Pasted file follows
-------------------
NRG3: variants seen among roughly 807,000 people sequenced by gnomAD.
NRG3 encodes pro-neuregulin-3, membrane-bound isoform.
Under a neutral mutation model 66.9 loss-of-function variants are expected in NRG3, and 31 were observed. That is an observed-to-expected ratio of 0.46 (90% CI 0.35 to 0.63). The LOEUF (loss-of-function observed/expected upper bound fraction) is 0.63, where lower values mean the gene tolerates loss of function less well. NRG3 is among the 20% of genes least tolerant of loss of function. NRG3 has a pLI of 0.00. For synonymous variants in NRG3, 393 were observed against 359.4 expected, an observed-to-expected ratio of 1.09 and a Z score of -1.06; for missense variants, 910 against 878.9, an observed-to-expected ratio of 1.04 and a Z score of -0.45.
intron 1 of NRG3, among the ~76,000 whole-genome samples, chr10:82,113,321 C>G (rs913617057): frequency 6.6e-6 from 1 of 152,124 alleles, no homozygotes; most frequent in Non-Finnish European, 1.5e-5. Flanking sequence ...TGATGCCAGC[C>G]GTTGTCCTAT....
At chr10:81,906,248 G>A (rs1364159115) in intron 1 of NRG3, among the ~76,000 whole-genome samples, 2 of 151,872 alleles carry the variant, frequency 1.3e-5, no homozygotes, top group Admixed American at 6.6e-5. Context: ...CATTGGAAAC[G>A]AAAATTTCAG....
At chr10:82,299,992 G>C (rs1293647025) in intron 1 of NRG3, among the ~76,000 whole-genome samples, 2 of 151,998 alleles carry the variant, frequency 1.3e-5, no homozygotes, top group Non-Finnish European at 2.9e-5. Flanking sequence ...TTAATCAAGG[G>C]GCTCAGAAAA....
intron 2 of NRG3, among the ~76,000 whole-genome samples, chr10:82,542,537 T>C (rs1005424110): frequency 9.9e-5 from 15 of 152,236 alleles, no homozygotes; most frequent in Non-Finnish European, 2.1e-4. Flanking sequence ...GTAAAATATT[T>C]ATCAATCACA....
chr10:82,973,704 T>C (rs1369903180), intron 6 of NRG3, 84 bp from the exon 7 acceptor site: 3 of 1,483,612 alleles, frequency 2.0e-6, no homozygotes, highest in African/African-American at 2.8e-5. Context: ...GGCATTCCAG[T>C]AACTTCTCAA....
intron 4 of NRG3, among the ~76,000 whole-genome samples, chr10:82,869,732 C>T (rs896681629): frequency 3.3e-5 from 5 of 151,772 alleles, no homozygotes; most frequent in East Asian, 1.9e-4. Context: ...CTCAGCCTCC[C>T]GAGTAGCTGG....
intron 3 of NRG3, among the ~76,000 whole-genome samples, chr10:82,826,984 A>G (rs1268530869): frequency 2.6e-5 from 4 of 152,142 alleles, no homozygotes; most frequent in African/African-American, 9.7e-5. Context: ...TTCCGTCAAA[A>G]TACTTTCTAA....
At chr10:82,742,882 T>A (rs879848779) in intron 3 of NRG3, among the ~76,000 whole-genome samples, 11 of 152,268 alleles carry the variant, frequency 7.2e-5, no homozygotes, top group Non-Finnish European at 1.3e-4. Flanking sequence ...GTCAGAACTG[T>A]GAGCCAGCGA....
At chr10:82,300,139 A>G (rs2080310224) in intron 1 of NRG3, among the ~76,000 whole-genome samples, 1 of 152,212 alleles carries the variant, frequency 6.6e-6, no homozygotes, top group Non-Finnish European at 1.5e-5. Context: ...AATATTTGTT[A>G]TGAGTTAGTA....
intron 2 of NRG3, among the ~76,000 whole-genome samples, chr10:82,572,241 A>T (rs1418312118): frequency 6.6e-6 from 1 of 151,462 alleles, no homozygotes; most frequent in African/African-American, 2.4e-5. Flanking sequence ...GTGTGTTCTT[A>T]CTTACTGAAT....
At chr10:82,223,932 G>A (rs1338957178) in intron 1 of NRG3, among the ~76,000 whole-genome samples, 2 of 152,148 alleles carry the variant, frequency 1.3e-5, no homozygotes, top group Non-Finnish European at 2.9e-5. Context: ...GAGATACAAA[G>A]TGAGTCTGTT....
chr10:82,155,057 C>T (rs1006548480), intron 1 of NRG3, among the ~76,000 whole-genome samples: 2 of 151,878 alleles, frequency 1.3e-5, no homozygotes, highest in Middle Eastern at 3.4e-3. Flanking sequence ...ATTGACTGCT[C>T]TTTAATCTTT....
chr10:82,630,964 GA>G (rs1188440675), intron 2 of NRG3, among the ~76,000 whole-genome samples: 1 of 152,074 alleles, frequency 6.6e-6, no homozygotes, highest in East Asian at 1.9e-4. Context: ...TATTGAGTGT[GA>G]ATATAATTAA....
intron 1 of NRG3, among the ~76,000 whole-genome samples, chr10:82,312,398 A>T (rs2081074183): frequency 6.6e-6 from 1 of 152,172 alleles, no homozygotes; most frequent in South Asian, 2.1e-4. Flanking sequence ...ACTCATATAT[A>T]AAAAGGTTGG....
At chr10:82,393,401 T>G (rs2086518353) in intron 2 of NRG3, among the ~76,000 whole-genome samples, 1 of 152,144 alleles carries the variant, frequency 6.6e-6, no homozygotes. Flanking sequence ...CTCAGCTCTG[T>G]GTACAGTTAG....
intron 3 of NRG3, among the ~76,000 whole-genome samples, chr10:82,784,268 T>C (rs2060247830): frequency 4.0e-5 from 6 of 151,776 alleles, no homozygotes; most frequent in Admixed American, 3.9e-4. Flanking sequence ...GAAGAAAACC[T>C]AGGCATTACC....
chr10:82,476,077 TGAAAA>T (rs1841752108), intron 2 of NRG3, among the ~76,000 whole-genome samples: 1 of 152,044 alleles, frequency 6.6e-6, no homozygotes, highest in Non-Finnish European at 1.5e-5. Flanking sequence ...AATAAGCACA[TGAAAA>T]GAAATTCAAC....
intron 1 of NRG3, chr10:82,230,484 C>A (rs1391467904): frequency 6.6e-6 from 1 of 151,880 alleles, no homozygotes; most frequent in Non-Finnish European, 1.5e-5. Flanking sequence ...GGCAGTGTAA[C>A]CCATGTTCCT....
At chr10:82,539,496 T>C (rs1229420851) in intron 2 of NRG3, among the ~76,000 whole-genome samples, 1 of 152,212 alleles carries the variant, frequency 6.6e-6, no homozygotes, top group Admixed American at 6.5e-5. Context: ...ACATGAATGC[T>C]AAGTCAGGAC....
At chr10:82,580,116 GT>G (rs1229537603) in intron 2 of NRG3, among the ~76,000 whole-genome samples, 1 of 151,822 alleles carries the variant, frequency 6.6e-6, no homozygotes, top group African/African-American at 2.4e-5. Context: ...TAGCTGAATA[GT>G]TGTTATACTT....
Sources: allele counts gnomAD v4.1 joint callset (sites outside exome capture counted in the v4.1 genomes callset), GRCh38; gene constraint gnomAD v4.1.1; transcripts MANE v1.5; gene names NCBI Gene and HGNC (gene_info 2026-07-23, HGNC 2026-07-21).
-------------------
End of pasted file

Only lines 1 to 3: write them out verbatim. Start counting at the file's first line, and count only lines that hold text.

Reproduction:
NRG3: variants seen among roughly 807,000 people sequenced by gnomAD.
NRG3 encodes pro-neuregulin-3, membrane-bound isoform.
Under a neutral mutation model 66.9 loss-of-function variants are expected in NRG3, and 31 were observed. That is an observed-to-expected ratio of 0.46 (90% CI 0.35 to 0.63). The LOEUF (loss-of-function observed/expected upper bound fraction) is 0.63, where lower values mean the gene tolerates loss of function less well. NRG3 is among the 20% of genes least tolerant of loss of function. NRG3 has a pLI of 0.00. For synonymous variants in NRG3, 393 were observed against 359.4 expected, an observed-to-expected ratio of 1.09 and a Z score of -1.06; for missense variants, 910 against 878.9, an observed-to-expected ratio of 1.04 and a Z score of -0.45.